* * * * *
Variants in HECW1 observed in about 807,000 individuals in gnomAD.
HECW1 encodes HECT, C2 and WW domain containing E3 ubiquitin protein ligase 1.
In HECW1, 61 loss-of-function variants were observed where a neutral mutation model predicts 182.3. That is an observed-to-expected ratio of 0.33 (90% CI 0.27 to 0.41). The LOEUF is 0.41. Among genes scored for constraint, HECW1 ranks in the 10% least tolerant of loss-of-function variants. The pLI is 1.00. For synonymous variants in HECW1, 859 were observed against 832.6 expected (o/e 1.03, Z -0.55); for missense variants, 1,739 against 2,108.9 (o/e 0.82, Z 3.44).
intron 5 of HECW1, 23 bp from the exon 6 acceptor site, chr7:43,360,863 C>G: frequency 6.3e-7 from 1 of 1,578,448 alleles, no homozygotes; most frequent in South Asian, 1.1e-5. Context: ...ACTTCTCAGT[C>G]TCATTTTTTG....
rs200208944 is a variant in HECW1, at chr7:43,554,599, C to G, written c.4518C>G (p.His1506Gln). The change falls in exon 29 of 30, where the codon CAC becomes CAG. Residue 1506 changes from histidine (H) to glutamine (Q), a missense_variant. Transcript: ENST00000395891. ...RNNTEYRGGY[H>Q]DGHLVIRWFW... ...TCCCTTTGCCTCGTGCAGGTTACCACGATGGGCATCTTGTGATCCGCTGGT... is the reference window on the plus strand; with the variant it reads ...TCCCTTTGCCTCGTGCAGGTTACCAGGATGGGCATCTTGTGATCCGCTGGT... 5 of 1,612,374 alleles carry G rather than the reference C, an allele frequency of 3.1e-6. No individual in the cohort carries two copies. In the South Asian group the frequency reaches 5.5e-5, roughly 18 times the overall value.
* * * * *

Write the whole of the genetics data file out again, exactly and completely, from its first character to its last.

Variants in HECW1 observed in about 807,000 individuals in gnomAD.
HECW1 encodes HECT, C2 and WW domain containing E3 ubiquitin protein ligase 1.
In HECW1, 61 loss-of-function variants were observed where a neutral mutation model predicts 182.3. That is an observed-to-expected ratio of 0.33 (90% CI 0.27 to 0.41). The LOEUF is 0.41. Among genes scored for constraint, HECW1 ranks in the 10% least tolerant of loss-of-function variants. The pLI is 1.00. For synonymous variants in HECW1, 859 were observed against 832.6 expected (o/e 1.03, Z -0.55); for missense variants, 1,739 against 2,108.9 (o/e 0.82, Z 3.44).
intron 5 of HECW1, 23 bp from the exon 6 acceptor site, chr7:43,360,863 C>G: frequency 6.3e-7 from 1 of 1,578,448 alleles, no homozygotes; most frequent in South Asian, 1.1e-5. Context: ...ACTTCTCAGT[C>G]TCATTTTTTG....
rs200208944 is a variant in HECW1, at chr7:43,554,599, C to G, written c.4518C>G (p.His1506Gln). The change falls in exon 29 of 30, where the codon CAC becomes CAG. Residue 1506 changes from histidine (H) to glutamine (Q), a missense_variant. Transcript: ENST00000395891. ...RNNTEYRGGY[H>Q]DGHLVIRWFW... ...TCCCTTTGCCTCGTGCAGGTTACCACGATGGGCATCTTGTGATCCGCTGGT... is the reference window on the plus strand; with the variant it reads ...TCCCTTTGCCTCGTGCAGGTTACCAGGATGGGCATCTTGTGATCCGCTGGT... 5 of 1,612,374 alleles carry G rather than the reference C, an allele frequency of 3.1e-6. No individual in the cohort carries two copies. In the South Asian group the frequency reaches 5.5e-5, roughly 18 times the overall value.